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log[ (t) / (1 - (t) ) ] = i i B i (t) + 1 cos( ) - 2 sin( ) j j g j ( t - t j ) FINAL MODEL

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log[ (t) / (1 - (t) ) ] = i i B i (t) + 1 cos( ) - 2 sin( ) j j g j ( t - t j ) FINAL MODEL History Term Often spike history effects account for most of the statistics !!!!!!!

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log[ (t) / (1 - (t) ) ] = i i B i (t) + 1 cos( ) - 2 sin( ) j j g j ( t - t j ) FINAL MODEL History Term Often spike history effects account for most of the statistics !!!!!!! refractory bursting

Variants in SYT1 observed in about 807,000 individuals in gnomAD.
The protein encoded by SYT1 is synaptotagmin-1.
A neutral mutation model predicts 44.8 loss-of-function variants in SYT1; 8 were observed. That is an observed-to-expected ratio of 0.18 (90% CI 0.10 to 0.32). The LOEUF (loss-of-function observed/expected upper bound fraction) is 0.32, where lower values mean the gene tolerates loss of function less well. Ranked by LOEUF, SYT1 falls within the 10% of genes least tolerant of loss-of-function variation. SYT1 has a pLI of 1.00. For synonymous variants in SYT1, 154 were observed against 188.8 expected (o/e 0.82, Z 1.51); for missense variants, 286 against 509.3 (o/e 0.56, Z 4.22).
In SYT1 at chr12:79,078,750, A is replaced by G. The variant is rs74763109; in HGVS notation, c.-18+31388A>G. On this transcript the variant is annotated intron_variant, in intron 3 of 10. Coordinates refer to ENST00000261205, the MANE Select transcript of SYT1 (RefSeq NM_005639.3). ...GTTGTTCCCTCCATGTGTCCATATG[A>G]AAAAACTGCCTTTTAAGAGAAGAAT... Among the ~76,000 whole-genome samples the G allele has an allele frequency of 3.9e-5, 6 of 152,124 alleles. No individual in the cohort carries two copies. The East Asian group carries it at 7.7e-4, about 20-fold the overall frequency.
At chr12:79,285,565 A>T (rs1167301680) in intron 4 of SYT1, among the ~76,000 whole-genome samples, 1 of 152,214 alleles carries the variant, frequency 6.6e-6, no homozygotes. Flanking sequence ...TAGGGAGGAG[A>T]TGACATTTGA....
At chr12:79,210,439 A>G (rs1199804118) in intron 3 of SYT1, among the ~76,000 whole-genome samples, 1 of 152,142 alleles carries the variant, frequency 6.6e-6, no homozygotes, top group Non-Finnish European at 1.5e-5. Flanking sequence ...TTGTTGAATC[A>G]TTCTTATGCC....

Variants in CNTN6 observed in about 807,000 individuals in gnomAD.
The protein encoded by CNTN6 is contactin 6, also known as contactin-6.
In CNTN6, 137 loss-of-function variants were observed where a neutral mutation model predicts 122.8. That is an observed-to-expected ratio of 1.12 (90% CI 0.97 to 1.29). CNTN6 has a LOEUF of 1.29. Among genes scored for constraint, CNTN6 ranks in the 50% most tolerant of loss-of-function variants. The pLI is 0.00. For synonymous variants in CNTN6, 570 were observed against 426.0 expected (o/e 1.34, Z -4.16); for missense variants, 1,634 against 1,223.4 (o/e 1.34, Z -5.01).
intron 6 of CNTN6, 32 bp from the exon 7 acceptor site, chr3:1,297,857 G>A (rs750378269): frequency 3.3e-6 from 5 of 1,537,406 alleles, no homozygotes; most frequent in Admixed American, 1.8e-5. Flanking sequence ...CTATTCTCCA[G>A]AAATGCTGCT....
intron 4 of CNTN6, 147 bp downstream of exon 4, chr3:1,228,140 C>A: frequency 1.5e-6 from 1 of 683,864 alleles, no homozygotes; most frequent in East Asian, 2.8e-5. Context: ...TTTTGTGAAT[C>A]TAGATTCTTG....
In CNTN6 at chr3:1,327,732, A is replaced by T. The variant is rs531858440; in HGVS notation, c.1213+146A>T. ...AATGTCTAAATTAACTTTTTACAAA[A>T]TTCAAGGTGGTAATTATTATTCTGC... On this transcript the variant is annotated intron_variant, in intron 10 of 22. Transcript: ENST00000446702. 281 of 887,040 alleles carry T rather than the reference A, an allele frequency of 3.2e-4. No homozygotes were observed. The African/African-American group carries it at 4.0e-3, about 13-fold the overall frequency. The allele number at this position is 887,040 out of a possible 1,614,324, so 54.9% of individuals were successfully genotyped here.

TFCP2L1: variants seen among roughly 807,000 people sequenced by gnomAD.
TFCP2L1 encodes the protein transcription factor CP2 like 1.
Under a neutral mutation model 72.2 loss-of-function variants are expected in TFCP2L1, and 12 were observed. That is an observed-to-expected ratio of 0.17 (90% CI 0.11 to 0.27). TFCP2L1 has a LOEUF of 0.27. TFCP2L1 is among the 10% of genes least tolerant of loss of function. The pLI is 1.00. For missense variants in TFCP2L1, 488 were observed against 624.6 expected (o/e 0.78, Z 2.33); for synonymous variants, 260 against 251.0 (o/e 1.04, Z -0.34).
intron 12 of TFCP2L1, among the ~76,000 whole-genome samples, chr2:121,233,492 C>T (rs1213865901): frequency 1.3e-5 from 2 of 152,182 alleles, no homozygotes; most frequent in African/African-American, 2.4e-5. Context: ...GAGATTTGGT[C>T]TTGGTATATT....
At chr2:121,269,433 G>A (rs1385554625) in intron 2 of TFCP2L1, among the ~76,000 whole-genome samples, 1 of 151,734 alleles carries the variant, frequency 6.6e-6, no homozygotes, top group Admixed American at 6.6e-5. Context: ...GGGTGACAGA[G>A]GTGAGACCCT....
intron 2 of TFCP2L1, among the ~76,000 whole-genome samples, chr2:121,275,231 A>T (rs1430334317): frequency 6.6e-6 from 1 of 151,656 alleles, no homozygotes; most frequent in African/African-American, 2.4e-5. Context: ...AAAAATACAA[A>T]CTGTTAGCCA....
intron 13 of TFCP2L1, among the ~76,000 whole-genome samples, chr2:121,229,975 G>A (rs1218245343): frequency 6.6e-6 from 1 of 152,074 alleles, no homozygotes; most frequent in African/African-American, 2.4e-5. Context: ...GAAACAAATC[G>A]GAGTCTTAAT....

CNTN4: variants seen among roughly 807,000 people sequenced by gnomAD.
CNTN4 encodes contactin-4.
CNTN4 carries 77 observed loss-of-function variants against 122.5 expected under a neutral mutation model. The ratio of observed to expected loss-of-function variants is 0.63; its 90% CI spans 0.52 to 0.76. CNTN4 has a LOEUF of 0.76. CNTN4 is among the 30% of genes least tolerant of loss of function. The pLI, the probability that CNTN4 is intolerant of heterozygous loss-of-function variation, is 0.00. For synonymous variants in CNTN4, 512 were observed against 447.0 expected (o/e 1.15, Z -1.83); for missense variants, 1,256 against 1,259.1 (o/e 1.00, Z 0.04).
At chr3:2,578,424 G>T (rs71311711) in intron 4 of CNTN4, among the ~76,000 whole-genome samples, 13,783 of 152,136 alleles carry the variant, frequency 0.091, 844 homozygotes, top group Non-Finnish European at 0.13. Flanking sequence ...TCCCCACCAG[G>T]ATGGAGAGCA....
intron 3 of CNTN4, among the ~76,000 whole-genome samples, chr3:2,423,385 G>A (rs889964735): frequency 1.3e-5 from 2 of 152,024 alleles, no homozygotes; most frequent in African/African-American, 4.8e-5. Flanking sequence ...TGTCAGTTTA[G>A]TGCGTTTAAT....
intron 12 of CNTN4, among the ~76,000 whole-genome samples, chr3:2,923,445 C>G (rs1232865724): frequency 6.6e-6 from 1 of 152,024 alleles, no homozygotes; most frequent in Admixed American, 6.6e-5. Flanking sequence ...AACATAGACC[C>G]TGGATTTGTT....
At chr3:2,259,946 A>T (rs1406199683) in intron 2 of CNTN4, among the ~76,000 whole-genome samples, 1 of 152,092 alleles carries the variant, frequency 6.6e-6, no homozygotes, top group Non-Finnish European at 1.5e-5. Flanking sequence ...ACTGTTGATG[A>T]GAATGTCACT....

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Conclusions Important to understand the physical origins of what we record and model Important to understand the physical origins of what we record and model LFP and Spikes are fundamentally different types of data and require different modeling strategies LFP and Spikes are fundamentally different types of data and require different modeling strategies LFP requires some thought about what to model, but techniques are standard LFP requires some thought about what to model, but techniques are standard Spikes effectively described by probability but are point processes and require different techniques Spikes effectively described by probability but are point processes and require different techniques Logistic Regression (and other GLMs) for spikes. Kolmogorov Smirnov test for goodness of fit Logistic Regression (and other GLMs) for spikes. Kolmogorov Smirnov test for goodness of fit Rigorous model identification is important to determine the importance of different covariates. Rigorous model identification is important to determine the importance of different covariates. This can be a prelude to developing more effective BMIs This can be a prelude to developing more effective BMIs Important to understand the physical origins of what we record and model Important to understand the physical origins of what we record and model LFP and Spikes are fundamentally different types of data and require different modeling strategies LFP and Spikes are fundamentally different types of data and require different modeling strategies LFP requires some thought about what to model, but techniques are standard LFP requires some thought about what to model, but techniques are standard Spikes effectively described by probability but are point processes and require different techniques Spikes effectively described by probability but are point processes and require different techniques Logistic Regression (and other GLMs) for spikes. Kolmogorov Smirnov test for goodness of fit Logistic Regression (and other GLMs) for spikes. Kolmogorov Smirnov test for goodness of fit Rigorous model identification is important to determine the importance of different covariates. Rigorous model identification is important to determine the importance of different covariates. This can be a prelude to developing more effective BMIs This can be a prelude to developing more effective BMIs